Eco-Living Magazine

Long Trail Brewing Co.

Posted on the 05 May 2013 by 2ndgreenrevolution @2ndgreenrev


Long Trail Brewing Co. might not be the first name you think of when it comes to Vermont craft breweries, as others have more widespread distribution (Magic Hat) or craft cache (Hill Farmstead). However, the brewery is one of the State’s oldest craft breweries, designing microbrews since 1989. After outgrowing their initial space and moving into their new one in 1995, Long Trail has attracted close to 72,000 visitors each year, enough to be considered one of Vermont’s top attractions. Like many breweries nestled in a precious ecosystem, Long Trail understands its role as an environmental steward, and adopts its business practices accordingly. Using a number of eco-friendly brewing processes over the years ultimately culminated in Long Trail being selected as the recipient of the 2009 Vermont Governor’s Award for Environmental Excellence in Resource Conservation.

The brewery sits atop an artesian well, which has been called Vermont’s Best Drinking Water by the Green Mountain Water Environment Association, so, understandably, the main primary focus of Long Trail is reducing water waste. To that end, Long Trail conserves the water they extract from the well, using only 2.37 gallons of water to make a gallon of beer. Traditional methods use about 6 gallons of water to make one gallon of beer. Additionally, they have implemented a state of the art on-site water treatment plant that removes impurities before injecting it back into the ground.

Like many breweries we’ve featured on Revolutionary Spirits, Long Trail is also involved with local farmers, providing its spent mash, rich in protein and vitamins, for animal consumption. Unlike many of the other breweries, however, some of the farms Long Trail works with are Cow Power Plants. Cow Power Plants are like something out of Mad Max Beyond Thunderdome, as they take refuse from cows (up to 30 gallons from each cow per day), and convert the methane to energy. Some of these plants can produce electricity for up to 400 homes. Long Trail not only provides feed for these farms, but, in 2008, signed up as one of the largest companies participating in the program.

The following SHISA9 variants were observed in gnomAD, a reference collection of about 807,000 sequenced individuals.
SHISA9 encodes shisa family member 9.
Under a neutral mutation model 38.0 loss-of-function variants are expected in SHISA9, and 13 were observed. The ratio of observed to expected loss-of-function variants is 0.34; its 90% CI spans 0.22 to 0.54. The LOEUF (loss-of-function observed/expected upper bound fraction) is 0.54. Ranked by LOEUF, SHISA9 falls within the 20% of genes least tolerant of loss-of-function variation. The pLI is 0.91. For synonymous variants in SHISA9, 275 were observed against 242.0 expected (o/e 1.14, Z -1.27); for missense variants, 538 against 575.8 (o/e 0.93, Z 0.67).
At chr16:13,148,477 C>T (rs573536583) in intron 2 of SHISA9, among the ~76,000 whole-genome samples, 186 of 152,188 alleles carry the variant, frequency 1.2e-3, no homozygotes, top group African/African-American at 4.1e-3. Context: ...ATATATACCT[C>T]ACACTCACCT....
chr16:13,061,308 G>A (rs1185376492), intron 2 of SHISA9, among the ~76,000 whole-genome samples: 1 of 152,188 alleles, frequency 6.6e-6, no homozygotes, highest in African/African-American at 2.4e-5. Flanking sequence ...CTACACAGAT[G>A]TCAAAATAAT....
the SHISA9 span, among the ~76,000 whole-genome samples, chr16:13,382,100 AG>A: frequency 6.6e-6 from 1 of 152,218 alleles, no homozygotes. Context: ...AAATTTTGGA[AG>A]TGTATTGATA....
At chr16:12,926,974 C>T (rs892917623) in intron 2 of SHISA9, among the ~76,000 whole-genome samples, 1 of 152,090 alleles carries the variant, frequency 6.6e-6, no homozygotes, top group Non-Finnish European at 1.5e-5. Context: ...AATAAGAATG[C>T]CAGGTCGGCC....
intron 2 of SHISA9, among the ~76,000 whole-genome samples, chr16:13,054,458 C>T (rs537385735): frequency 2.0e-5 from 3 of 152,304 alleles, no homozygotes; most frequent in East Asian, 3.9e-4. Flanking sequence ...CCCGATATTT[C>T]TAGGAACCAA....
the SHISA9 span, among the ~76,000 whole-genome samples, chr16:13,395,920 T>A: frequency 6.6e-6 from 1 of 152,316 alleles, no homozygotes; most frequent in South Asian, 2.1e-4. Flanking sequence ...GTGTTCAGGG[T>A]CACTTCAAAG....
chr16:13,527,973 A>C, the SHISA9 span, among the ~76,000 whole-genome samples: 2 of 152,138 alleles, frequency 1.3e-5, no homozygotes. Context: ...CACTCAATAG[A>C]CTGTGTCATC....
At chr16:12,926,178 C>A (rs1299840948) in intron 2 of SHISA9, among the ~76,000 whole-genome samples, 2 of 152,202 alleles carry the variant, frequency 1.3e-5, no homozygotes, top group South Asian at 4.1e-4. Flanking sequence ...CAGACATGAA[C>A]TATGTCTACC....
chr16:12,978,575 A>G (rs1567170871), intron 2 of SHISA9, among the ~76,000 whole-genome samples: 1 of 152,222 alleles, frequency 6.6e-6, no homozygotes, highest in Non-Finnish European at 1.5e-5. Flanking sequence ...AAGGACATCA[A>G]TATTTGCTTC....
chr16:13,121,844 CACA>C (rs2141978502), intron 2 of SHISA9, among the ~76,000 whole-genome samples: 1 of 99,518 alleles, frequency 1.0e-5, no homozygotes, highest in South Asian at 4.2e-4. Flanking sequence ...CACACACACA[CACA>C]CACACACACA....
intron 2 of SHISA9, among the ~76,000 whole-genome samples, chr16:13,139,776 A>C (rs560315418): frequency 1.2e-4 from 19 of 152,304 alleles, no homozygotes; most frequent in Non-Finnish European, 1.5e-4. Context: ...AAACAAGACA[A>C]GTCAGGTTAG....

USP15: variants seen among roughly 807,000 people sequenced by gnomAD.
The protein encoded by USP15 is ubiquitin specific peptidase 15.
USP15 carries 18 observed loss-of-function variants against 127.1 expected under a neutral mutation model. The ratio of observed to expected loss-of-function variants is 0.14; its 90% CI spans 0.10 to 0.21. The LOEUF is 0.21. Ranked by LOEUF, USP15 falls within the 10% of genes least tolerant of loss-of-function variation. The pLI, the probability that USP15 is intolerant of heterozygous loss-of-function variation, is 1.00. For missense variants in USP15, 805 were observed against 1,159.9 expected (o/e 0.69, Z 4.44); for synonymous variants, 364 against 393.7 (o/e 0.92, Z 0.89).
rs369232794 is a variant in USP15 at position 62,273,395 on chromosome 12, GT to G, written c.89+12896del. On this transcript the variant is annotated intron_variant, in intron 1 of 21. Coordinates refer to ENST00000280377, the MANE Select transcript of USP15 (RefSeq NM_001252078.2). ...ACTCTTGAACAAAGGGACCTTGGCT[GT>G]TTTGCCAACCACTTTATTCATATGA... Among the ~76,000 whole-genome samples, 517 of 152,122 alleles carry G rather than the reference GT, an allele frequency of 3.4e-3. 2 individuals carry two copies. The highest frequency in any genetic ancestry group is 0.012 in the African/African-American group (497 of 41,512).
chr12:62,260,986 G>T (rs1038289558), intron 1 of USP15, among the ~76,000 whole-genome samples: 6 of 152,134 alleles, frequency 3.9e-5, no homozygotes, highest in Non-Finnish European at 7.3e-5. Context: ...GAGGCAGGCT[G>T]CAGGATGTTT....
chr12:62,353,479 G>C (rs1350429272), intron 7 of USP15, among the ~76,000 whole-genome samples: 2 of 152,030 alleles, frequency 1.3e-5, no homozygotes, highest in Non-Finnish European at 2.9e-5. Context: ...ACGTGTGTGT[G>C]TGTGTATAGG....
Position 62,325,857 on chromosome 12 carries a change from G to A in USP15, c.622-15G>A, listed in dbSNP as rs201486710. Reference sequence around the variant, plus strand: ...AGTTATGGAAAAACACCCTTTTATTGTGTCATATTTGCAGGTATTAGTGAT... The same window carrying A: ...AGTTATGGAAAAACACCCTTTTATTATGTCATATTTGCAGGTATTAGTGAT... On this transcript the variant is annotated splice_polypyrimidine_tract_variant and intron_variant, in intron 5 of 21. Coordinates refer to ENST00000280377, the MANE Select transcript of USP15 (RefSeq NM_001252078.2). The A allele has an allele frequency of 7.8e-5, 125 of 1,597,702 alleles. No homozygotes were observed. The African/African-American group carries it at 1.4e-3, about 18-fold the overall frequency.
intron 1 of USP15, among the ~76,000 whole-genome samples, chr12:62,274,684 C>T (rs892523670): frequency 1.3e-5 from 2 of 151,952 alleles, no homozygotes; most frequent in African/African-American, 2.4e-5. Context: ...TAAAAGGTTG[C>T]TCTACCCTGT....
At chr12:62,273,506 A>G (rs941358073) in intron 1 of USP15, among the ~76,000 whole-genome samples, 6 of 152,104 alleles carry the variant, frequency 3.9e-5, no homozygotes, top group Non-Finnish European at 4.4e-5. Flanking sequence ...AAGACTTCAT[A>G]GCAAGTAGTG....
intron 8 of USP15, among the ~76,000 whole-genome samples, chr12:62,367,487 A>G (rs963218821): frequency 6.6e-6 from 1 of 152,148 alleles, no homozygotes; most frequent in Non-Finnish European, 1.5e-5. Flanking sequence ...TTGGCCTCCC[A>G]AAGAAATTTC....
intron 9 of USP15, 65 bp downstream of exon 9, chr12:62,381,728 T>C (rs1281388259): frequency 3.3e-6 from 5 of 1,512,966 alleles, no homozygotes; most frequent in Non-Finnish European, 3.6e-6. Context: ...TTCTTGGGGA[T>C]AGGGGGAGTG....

Additional Cow Power Info: Green Mountain Power | Cowpower video



Long Trail produces a wide variety of regular and seasonal ales, including the well-reviewed Double Bag amber ale, and the perennial favorite Long Trail Ale, which was recently awarded first place in the German Altbier category at the 2012 Great International Beer Festival. As the weather is getting warmer in my neck of the woods, I decided to pick up Long Trail’s Traditional English style unfiltered IPA. It pours relatively light, like a dark golden straw, topped by a solid head. It has a hoppy nose that is not antiseptic, but warm and earthy, kind of like cut grass after one day. It has a light mouthfeel, medium carbonation. Up front, the IPA is certainly hoppy, but again, similar to its scent, it is a soft hops, and it finishes kind of citrusy sweet. True to the British style, and its unfiltered nature, this is not as biting as an Ameircan West Cost IPA, but for me and my propensity for English style ales, that is a good thing.  This is interesting because the beer contains the Nugget and Cascade hop varietals, which are more associated with American IPAs, as opposed to Goldings and Fuggles hops, two hops traditionally used in British ales.  At 5.9%, it is not quite the sessionable ale you might want to drink all day, but its well-rounded flavor means you can drink more than one. Although primarily on the East Coast of the US, it is recommended if you can find it.

BeerAdvocate: 3.62/5

Ratebber: 3.1/5

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